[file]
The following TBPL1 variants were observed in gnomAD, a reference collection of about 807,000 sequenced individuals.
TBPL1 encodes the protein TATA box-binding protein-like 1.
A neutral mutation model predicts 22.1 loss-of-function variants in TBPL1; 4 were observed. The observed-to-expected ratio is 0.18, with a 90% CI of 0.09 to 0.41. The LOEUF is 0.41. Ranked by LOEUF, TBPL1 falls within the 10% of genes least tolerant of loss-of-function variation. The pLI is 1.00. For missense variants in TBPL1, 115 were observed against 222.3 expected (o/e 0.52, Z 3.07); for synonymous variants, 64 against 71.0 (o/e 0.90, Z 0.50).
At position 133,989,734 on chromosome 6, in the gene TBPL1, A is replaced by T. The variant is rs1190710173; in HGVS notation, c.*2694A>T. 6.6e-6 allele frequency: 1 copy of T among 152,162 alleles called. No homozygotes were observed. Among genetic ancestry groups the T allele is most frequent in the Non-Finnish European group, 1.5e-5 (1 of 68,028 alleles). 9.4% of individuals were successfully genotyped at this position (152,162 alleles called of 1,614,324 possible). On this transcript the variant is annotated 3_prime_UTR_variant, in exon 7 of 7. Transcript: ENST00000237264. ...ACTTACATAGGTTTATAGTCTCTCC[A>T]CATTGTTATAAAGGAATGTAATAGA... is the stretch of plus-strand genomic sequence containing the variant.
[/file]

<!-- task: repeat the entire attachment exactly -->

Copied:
The following TBPL1 variants were observed in gnomAD, a reference collection of about 807,000 sequenced individuals.
TBPL1 encodes the protein TATA box-binding protein-like 1.
A neutral mutation model predicts 22.1 loss-of-function variants in TBPL1; 4 were observed. The observed-to-expected ratio is 0.18, with a 90% CI of 0.09 to 0.41. The LOEUF is 0.41. Ranked by LOEUF, TBPL1 falls within the 10% of genes least tolerant of loss-of-function variation. The pLI is 1.00. For missense variants in TBPL1, 115 were observed against 222.3 expected (o/e 0.52, Z 3.07); for synonymous variants, 64 against 71.0 (o/e 0.90, Z 0.50).
At position 133,989,734 on chromosome 6, in the gene TBPL1, A is replaced by T. The variant is rs1190710173; in HGVS notation, c.*2694A>T. 6.6e-6 allele frequency: 1 copy of T among 152,162 alleles called. No homozygotes were observed. Among genetic ancestry groups the T allele is most frequent in the Non-Finnish European group, 1.5e-5 (1 of 68,028 alleles). 9.4% of individuals were successfully genotyped at this position (152,162 alleles called of 1,614,324 possible). On this transcript the variant is annotated 3_prime_UTR_variant, in exon 7 of 7. Transcript: ENST00000237264. ...ACTTACATAGGTTTATAGTCTCTCC[A>T]CATTGTTATAAAGGAATGTAATAGA... is the stretch of plus-strand genomic sequence containing the variant.